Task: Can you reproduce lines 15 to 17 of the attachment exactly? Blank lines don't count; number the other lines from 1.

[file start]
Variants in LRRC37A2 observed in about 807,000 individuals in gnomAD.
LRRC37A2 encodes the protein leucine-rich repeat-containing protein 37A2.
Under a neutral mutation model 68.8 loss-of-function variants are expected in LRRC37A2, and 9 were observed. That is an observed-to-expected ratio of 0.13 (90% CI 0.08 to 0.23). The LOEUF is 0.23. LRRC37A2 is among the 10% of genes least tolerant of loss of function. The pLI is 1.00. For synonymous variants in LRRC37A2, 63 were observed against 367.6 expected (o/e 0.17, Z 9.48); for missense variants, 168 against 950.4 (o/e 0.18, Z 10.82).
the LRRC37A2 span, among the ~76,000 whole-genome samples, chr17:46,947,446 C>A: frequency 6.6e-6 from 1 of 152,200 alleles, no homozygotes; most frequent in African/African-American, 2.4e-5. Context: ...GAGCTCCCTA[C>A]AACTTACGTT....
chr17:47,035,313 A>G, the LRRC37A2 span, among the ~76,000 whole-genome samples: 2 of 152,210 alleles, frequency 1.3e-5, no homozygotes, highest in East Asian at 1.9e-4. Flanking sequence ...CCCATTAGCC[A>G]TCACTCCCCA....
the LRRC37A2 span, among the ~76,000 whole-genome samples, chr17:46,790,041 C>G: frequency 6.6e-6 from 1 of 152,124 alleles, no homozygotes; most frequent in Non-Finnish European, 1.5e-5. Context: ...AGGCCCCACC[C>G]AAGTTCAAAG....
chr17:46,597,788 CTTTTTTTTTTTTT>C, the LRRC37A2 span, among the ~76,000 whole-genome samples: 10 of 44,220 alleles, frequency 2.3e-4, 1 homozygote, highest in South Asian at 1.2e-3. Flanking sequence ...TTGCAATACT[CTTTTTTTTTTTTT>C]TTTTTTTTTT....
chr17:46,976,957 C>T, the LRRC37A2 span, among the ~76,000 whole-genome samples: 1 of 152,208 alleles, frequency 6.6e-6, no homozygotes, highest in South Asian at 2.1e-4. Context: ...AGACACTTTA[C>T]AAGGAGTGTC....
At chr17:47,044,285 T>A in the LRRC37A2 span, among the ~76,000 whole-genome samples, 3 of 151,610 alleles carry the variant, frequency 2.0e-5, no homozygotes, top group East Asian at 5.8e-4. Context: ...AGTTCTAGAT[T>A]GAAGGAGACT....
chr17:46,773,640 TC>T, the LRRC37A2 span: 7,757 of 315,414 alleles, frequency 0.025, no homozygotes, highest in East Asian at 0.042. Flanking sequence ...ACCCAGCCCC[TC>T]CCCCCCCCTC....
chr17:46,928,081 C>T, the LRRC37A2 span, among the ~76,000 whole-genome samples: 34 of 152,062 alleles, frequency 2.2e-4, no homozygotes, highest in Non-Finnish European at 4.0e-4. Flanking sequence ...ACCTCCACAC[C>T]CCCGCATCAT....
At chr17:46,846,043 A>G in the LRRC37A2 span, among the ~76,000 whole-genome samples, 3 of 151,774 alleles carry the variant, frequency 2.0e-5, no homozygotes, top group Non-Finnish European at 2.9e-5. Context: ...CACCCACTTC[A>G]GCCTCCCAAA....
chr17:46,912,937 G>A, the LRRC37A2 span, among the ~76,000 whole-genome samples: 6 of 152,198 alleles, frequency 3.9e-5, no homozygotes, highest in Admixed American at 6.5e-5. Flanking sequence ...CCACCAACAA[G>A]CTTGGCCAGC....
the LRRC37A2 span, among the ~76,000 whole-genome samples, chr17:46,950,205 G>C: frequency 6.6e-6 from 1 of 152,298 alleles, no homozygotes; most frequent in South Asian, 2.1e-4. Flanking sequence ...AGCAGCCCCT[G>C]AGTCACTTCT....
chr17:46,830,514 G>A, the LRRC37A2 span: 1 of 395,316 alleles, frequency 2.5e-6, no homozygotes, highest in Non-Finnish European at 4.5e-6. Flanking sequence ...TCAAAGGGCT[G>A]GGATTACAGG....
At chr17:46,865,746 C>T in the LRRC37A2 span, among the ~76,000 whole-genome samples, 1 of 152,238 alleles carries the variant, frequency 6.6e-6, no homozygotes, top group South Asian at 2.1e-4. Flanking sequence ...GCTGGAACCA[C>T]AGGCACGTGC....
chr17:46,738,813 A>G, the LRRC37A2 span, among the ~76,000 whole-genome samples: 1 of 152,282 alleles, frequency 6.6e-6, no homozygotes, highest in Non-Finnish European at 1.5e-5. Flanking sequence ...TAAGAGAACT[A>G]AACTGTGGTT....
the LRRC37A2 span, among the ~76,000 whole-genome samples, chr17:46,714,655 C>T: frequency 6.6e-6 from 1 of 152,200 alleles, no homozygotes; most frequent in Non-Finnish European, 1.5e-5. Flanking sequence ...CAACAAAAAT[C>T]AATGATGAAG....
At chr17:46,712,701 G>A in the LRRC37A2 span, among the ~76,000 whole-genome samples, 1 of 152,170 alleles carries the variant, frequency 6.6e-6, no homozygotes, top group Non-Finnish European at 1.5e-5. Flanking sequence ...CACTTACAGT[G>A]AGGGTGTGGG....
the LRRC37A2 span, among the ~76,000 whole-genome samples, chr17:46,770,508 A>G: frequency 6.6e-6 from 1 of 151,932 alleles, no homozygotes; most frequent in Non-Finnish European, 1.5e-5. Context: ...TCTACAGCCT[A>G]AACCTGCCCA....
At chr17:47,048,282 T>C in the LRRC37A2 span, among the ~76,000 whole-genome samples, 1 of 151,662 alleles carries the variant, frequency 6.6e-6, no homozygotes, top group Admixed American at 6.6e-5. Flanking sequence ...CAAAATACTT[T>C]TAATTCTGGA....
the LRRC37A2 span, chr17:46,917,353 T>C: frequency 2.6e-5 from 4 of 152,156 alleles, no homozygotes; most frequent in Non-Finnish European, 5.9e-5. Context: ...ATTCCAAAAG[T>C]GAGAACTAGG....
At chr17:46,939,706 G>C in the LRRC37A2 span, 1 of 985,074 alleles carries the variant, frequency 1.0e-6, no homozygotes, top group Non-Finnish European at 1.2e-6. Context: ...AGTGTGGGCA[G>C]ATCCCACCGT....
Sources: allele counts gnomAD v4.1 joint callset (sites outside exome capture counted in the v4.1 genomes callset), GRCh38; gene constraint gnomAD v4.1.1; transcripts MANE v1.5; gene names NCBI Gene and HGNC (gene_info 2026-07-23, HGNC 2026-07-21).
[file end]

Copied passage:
chr17:46,830,514 G>A, the LRRC37A2 span: 1 of 395,316 alleles, frequency 2.5e-6, no homozygotes, highest in Non-Finnish European at 4.5e-6. Flanking sequence ...TCAAAGGGCT[G>A]GGATTACAGG....
At chr17:46,865,746 C>T in the LRRC37A2 span, among the ~76,000 whole-genome samples, 1 of 152,238 alleles carries the variant, frequency 6.6e-6, no homozygotes, top group South Asian at 2.1e-4. Flanking sequence ...GCTGGAACCA[C>T]AGGCACGTGC....
chr17:46,738,813 A>G, the LRRC37A2 span, among the ~76,000 whole-genome samples: 1 of 152,282 alleles, frequency 6.6e-6, no homozygotes, highest in Non-Finnish European at 1.5e-5. Flanking sequence ...TAAGAGAACT[A>G]AACTGTGGTT....